MALAGA ISLAND, Maine – It was, in all likelihood, a record crowd. Never before in its documented history had anywhere near 90 people gathered at the same time on this craggy, wooded island at the mouth of the New Meadows River
Yet here they stood Sunday afternoon – elected officials, archaeologists, journalists, human rights activists and, most notably, descendants of the mixed-race families who once called this 41-acre island home – all to hear two simple words.
“To the descendants of Benjamin Darling, let me just say that I’m sorry,” said Gov. John Baldacci as a late-summer breeze whispered through the spruce trees. “I’m sorry for what was done. It wasn’t right and we were raised better than that. We’re better people than that.”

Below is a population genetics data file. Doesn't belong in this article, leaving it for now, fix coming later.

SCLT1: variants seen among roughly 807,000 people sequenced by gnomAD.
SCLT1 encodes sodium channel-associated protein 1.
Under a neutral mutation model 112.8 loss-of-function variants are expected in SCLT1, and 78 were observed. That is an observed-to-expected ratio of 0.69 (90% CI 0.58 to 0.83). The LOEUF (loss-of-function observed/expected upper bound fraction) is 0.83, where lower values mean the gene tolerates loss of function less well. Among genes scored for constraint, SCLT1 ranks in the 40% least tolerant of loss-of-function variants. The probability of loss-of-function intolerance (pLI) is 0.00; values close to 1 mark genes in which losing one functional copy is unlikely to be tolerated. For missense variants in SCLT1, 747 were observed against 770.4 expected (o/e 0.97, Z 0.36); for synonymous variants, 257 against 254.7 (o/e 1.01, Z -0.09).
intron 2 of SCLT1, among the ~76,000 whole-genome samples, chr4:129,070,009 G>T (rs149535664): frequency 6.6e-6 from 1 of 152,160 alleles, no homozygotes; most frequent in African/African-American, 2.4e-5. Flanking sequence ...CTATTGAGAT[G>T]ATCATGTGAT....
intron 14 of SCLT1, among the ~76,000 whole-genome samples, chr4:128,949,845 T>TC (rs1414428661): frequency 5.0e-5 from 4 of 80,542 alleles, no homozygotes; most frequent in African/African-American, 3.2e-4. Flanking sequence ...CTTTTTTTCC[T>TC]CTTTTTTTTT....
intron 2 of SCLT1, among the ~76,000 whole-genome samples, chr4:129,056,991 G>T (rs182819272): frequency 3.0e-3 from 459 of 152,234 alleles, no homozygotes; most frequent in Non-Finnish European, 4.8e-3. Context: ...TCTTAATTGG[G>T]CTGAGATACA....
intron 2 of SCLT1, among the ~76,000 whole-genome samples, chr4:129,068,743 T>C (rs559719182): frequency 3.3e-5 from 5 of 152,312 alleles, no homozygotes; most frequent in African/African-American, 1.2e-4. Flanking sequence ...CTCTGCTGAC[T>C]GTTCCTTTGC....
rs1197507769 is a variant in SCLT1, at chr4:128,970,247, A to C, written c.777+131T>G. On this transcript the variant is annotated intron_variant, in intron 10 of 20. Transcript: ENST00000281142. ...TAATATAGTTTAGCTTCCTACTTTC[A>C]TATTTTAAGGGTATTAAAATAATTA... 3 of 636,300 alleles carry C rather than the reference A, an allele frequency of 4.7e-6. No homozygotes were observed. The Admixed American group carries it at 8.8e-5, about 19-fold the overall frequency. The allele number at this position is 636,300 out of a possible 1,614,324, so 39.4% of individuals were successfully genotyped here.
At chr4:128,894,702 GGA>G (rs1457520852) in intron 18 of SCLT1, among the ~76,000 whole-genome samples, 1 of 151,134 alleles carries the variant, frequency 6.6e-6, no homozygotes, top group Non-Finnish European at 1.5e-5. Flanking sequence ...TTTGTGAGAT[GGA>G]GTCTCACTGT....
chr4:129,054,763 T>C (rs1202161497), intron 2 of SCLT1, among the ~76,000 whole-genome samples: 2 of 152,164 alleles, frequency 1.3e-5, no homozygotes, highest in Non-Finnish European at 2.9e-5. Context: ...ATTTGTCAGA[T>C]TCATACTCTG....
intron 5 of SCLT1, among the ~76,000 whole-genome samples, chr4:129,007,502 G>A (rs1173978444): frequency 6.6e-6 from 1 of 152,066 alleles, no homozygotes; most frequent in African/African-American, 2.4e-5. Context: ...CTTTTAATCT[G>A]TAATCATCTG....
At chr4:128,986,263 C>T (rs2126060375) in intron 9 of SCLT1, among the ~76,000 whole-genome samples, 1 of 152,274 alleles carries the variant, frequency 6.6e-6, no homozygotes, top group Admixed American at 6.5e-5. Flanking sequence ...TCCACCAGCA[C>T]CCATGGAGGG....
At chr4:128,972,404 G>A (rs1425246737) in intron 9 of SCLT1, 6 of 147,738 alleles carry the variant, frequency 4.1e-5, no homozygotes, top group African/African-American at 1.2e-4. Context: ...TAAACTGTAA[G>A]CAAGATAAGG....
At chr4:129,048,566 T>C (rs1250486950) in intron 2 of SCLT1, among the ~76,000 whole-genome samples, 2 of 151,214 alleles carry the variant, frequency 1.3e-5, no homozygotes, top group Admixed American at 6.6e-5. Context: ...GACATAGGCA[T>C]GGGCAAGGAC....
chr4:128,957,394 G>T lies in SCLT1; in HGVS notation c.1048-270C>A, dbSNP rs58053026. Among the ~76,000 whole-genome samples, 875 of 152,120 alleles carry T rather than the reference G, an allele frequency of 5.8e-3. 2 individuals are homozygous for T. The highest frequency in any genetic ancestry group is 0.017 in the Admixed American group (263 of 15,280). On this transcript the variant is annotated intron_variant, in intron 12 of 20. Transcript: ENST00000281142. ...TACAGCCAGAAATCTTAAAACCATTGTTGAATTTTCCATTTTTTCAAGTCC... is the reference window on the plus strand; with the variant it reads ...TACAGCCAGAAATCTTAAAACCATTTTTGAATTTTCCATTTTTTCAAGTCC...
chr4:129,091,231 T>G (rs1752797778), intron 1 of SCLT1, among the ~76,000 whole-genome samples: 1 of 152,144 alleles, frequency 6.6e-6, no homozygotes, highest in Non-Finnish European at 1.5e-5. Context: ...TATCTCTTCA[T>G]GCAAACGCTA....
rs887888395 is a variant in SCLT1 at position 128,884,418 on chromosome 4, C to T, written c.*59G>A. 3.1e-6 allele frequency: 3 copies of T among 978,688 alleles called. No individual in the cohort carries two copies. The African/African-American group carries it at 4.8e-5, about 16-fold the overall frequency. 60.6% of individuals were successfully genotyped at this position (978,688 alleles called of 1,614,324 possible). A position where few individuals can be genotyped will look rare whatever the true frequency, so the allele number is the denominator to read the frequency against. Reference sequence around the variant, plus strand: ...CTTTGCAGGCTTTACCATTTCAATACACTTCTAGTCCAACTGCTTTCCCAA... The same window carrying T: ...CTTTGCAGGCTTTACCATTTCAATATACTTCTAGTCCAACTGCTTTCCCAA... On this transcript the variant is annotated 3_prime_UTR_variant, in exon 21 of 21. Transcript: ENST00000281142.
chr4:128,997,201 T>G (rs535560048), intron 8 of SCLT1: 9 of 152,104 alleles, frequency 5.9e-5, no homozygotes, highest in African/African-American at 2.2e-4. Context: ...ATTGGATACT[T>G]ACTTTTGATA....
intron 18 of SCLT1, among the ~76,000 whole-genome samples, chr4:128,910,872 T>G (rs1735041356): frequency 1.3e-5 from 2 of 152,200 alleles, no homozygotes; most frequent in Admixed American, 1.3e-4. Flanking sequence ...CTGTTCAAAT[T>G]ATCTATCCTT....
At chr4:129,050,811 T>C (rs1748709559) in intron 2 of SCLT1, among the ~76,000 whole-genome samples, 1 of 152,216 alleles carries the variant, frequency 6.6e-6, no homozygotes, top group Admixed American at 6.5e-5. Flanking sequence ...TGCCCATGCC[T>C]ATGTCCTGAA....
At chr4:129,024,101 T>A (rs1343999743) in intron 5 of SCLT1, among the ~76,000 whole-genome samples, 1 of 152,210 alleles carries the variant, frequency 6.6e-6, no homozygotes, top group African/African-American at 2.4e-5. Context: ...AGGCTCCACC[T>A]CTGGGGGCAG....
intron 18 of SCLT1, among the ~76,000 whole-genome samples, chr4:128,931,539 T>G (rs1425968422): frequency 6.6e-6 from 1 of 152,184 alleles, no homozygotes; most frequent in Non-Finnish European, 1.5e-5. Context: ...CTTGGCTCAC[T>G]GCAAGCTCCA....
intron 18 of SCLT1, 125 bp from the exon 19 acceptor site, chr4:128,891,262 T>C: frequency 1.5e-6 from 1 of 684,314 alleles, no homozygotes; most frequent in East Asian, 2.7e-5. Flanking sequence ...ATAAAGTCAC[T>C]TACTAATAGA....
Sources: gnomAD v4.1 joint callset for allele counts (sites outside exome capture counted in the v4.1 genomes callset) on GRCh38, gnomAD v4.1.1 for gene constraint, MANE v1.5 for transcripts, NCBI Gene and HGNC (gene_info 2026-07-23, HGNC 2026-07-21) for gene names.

Maybe you’ve heard the story of Malaga Island – and then again, maybe you haven’t.
It’s not pleasant.
Just a few hundred yards from Phippsburg’s western shoreline, Malaga Island was home in the late 19th and early 20th centuries to anywhere from 25 to 40 people who lived in dirt-floor, ramshackle homes and eked out a living fishing the tides in the New Meadows River and doing whatever menial work they could find on the mainland.
Most traced their lineage to Benjamin Darling, a black man who had bought and settled on a nearby island in 1794. Some were black, others were white, still others were a mixture of the two.
Click for the rest of the column by Bill Nemitz in the Portland Press Herald.